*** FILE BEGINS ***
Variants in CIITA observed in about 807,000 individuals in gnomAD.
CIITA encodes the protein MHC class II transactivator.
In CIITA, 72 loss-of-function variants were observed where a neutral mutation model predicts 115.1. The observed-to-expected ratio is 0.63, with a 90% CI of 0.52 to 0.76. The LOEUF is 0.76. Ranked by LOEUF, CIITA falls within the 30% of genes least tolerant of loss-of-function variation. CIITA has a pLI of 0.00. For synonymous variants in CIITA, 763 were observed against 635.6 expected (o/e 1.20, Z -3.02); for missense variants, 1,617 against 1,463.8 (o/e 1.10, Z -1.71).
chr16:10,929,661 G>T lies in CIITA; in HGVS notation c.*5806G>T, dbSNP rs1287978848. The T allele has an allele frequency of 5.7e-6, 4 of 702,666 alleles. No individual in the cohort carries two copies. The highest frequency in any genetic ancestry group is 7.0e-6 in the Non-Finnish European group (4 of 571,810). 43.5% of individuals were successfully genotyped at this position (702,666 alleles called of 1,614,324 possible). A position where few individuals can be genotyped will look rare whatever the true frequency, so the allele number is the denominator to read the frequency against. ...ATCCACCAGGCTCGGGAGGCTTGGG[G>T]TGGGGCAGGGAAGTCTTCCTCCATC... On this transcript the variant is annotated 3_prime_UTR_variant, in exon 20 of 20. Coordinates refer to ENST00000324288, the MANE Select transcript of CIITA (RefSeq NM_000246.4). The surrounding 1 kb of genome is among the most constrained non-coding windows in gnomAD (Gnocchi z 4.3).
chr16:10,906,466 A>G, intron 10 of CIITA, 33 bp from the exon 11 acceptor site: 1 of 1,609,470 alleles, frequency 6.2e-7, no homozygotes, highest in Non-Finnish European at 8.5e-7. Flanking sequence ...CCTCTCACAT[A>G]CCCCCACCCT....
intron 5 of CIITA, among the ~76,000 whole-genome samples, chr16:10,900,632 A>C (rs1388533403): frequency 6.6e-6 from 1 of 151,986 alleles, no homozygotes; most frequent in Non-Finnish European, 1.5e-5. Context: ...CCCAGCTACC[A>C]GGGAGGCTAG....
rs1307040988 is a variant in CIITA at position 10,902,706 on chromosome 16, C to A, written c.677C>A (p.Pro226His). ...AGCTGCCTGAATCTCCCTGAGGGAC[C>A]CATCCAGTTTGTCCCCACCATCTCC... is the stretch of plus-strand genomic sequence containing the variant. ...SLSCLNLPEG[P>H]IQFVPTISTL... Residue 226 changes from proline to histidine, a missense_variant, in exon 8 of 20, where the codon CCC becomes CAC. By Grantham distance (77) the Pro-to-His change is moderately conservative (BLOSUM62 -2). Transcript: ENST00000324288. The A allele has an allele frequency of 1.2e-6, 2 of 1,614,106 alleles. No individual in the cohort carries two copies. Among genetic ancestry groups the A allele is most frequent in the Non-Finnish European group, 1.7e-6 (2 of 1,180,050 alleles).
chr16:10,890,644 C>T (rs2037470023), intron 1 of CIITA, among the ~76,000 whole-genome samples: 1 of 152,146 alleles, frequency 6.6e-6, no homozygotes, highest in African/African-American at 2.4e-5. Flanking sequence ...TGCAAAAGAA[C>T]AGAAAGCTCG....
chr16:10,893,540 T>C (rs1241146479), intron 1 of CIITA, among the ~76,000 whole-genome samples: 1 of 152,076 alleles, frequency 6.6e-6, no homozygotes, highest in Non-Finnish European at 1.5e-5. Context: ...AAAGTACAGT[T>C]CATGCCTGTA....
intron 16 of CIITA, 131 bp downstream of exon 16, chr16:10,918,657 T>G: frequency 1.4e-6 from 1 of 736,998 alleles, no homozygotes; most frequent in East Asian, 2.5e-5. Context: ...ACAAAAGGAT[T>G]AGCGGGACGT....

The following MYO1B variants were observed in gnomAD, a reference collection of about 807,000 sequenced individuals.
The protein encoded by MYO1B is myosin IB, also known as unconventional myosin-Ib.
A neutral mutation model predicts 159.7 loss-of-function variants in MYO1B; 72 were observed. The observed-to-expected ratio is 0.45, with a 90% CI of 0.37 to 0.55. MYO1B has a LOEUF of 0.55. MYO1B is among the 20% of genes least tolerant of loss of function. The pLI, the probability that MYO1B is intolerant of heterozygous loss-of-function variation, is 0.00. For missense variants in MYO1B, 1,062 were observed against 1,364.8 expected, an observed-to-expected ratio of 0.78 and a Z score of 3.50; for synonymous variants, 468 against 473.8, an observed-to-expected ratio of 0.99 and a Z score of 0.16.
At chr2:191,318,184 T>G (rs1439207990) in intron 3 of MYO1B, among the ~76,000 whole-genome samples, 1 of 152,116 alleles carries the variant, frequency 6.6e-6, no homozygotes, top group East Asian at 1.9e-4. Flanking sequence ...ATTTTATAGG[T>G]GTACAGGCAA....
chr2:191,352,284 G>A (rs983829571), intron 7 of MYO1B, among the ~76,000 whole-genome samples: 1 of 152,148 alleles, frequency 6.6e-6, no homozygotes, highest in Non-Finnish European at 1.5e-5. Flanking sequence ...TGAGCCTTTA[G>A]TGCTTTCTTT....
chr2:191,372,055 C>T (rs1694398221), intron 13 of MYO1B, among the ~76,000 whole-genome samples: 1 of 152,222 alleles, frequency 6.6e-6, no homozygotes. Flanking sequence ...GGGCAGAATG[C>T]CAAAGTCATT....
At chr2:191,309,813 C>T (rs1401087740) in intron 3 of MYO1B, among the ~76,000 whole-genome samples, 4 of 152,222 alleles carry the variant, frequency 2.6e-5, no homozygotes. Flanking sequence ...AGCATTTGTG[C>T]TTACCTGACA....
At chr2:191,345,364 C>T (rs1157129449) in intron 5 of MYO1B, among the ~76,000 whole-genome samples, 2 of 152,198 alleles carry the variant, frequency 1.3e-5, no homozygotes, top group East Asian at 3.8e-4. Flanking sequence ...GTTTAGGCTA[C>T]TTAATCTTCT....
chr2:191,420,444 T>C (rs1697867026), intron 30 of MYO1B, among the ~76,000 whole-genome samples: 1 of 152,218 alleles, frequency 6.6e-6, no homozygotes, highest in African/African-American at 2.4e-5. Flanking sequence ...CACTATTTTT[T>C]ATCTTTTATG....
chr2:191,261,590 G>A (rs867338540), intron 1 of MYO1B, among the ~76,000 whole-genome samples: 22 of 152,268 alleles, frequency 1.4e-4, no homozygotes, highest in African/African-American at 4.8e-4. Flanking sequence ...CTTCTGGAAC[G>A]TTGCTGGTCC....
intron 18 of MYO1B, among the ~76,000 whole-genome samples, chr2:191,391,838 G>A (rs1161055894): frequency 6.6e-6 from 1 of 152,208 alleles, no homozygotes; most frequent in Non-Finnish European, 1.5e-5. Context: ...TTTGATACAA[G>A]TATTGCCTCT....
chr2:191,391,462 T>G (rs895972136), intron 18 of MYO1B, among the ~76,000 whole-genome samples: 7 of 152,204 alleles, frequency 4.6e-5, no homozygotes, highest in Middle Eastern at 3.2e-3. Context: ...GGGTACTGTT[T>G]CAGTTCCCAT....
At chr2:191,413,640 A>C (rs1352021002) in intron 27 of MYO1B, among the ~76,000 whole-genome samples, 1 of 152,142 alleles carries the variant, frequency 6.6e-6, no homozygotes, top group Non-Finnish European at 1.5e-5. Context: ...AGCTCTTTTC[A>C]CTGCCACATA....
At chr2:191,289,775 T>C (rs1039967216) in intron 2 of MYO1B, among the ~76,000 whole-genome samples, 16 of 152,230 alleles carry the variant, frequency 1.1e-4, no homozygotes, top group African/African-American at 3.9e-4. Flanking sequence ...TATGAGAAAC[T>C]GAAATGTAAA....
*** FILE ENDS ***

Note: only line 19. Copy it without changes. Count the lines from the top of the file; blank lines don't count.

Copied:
chr2:191,420,444 T>C (rs1697867026), intron 30 of MYO1B, among the ~76,000 whole-genome samples: 1 of 152,218 alleles, frequency 6.6e-6, no homozygotes, highest in African/African-American at 2.4e-5. Flanking sequence ...CACTATTTTT[T>C]ATCTTTTATG....